Class 6A blog: Wrapping up the 2021 season

Credit: Jason Getz

Credit: Jason Getz

Class 6A put on the most exciting show in the state championship games, played last weekend at Georgia State’s Center Parc Stadium, and Buford made more history with its 21-20 victory over Hughes.

Buford (14-1) trailed by 14 points in the first half and by six points in the fourth quarter before taking its first lead of the game on a 34-yard touchdown pass from Ashton Daniels to Tobi Olawole and an extra point by Alejandro Mata with 2:55 remaining. Hughes drove down the field on the ensuing possession but missed a 35-yard field goal on the final play of the game.

The championship was Buford’s third straight (longest active streak), 13th this century (most by any team) and 14th overall (second only to Valdosta’s 24). The Wolves trailed in the fourth quarter in all three games. They defeated Warner Robins in the 2019 final and Lee County in 2020, both in overtime.

“It’s been amazing. I couldn’t ask for anything better,” Daniels said. “This senior class that I’ve been a part of, we’re the glue to all three of the state championships, basically. I trusted my guys, loved my guys so much, and we knew we were going to come in and do it again.”

Buford became just the 12th team in state history to overcome a 14-point deficit in a state championship game. The most recent had been Lee County in 2017.

Buford’s Bryant Appling also became the first coach in GHSA history to win three state championships in his first three seasons as head coach. During his tenure, the Wolves are 41-3 overall and 15-0 in the playoffs.

Despite the loss, Hughes (13-2) had the best season in the school’s 13-year history. The Panthers won their first region title since 2013, finished with a school-record 13 victories and reached the state finals for the first time. Their previous best season was in 2020, when they went 11-2 and reached the quarterfinals.

*A season to remember: Buford and Hughes weren’t the only Class 6A schools that had some notable accomplishments in 2021. Brunswick won its first region title since 2009 and had its first 11-win season since 1999. Alcovy, which opened in 2006, won a region title and played in the second round of the playoffs for the first time. Carrollton, which had lost in the quarterfinals the past five seasons, got over the hump this year with a dramatic 37-32 victory over Westlake to reach its first semifinal since 2013. Kennesaw Mountain (opened in 2000) got its first region title and first playoff victory. Cambridge won nine games for the first time in the school’s 10-year history and won a playoff game for the second straight season. And Shiloh won a playoff game for the first time since David Pollack led the 2000 team to the quarterfinals.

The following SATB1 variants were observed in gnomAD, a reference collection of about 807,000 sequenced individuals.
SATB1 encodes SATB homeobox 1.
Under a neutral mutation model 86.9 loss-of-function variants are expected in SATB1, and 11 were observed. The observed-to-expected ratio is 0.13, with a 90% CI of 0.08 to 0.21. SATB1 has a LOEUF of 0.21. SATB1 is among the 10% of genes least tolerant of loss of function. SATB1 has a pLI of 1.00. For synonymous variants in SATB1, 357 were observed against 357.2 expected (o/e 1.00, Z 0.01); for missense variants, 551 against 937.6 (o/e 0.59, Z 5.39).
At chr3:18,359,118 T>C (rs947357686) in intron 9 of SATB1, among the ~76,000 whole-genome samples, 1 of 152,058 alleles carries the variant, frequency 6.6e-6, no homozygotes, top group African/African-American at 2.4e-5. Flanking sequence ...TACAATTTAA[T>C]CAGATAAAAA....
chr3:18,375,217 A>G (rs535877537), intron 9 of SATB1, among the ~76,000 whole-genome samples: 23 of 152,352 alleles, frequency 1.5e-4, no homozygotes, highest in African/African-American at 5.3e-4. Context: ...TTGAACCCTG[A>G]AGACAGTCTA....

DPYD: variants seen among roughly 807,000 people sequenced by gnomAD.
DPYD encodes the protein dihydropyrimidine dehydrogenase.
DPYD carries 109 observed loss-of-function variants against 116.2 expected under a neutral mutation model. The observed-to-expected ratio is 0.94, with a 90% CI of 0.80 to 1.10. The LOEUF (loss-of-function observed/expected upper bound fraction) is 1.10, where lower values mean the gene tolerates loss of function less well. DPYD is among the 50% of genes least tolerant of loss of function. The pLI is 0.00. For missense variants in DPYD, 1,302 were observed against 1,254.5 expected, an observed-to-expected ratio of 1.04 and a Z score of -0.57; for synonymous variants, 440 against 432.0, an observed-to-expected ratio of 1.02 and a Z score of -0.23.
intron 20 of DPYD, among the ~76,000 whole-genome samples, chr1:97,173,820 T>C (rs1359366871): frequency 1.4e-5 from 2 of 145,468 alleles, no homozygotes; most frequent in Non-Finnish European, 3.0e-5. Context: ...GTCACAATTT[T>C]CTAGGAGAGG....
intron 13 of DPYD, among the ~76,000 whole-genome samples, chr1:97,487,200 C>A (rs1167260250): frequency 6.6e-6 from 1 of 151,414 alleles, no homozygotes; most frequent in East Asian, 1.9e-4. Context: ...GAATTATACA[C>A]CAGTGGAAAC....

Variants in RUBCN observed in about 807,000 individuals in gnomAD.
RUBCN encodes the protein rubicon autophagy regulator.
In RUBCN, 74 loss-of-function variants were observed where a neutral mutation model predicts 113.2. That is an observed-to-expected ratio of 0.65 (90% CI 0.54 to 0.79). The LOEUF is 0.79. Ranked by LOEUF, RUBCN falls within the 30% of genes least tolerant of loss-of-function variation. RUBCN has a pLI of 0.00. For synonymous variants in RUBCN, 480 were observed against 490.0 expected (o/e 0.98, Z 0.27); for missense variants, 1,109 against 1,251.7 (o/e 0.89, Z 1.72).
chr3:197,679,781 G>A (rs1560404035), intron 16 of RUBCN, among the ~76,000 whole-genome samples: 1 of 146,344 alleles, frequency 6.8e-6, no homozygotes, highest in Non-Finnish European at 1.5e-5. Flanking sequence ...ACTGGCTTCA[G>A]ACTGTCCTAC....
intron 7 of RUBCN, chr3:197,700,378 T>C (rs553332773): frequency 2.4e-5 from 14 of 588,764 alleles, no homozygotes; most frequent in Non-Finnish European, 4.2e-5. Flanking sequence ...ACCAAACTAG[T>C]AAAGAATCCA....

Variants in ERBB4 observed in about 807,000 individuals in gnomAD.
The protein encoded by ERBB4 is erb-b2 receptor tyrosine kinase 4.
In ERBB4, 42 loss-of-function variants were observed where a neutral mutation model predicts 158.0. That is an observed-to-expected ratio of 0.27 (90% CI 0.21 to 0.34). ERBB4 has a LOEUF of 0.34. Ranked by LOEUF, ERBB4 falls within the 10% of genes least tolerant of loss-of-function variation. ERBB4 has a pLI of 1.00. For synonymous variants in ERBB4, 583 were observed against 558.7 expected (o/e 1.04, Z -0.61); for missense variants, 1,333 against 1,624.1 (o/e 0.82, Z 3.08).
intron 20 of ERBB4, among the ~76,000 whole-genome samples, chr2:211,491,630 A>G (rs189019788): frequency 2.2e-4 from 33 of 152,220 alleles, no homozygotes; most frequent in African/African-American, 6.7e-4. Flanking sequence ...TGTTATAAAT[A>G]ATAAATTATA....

*Players of the year: All-state teams won’t be named until Jan. 2, but seven of the eight regions in 6A have announced their all-region teams. Six of those regions named an overall player of the year. They were RB Simeon Askew of Houston County (Region 1), DL Ka’shawn Thomas of Brunswick (Region 2), RB Joe Hampton of Evans (Region 3), ATH Xavier Smith of Hughes (Region 4), QB Avery Smith of Riverwood (Region 7), and LB/RB Kyle Efford of Dacula (Region 8). In Region 6, South Cobb RB Jonathan Simmons was the offensive player of the year, and Allatoona LB Vinnie Canosa was the defensive POY.

*Reclassification looming: The GHSA’s reclassification process, which should be finalized by early January, will have a major impact on Class 6A next season. Five of the teams that finished in the top 10 in 2021 – No. 1 Buford, No. 4 Carrollton, No. 5 Westlake, No. 6 Dacula and No. 7 Cambridge – will be among 19 schools that will move out of Class 6A. Thirty-seven 6A teams will be staying put. They’ll be joined by 21 newcomers, most notably Tift County (from 7A), Woodward Academy (5A), Marist (4A), St. Pius (5A), Blessed Trinity (5A) and Roswell (7A). The addition of Woodward, Marist, St. Pius and Blessed Trinity is especially significant, because the second-highest classification traditionally has not had private schools.